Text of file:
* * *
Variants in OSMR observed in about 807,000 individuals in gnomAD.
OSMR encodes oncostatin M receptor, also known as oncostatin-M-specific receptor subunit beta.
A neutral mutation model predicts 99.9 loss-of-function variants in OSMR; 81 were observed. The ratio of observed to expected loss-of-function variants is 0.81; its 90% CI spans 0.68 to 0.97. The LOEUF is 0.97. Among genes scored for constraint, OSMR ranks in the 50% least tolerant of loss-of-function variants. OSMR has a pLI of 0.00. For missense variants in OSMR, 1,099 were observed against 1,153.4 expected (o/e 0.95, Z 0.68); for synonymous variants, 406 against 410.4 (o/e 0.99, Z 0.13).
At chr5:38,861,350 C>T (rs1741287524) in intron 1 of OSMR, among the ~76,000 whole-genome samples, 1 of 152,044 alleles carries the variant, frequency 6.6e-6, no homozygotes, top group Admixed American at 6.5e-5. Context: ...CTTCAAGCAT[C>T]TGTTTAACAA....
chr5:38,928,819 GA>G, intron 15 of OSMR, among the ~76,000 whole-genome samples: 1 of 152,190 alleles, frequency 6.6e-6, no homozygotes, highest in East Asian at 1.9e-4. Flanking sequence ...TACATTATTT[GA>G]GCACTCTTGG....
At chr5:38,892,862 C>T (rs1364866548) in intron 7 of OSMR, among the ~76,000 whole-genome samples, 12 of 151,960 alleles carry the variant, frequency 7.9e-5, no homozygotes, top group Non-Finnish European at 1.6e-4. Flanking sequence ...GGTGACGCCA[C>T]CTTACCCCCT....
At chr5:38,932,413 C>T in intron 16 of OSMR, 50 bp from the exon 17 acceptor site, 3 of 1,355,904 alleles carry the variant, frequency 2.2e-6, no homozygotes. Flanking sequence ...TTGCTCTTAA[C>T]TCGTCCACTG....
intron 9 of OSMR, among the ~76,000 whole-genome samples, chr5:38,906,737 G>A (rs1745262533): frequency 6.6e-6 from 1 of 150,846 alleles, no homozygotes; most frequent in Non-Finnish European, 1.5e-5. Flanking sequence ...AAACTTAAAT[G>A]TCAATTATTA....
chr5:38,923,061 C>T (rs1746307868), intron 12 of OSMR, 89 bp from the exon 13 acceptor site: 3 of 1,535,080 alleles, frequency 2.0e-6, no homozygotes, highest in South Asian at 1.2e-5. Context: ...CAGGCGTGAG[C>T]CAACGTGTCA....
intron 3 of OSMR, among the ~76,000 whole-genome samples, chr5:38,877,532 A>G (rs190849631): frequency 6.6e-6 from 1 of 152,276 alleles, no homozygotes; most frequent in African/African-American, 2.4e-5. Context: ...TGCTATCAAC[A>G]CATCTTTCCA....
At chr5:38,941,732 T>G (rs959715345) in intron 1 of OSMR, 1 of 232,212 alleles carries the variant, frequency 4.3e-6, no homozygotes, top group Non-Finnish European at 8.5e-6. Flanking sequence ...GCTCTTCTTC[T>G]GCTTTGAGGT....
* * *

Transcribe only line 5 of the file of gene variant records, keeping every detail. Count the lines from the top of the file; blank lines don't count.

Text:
chr5:38,928,819 GA>G, intron 15 of OSMR, among the ~76,000 whole-genome samples: 1 of 152,190 alleles, frequency 6.6e-6, no homozygotes, highest in East Asian at 1.9e-4. Flanking sequence ...TACATTATTT[GA>G]GCACTCTTGG....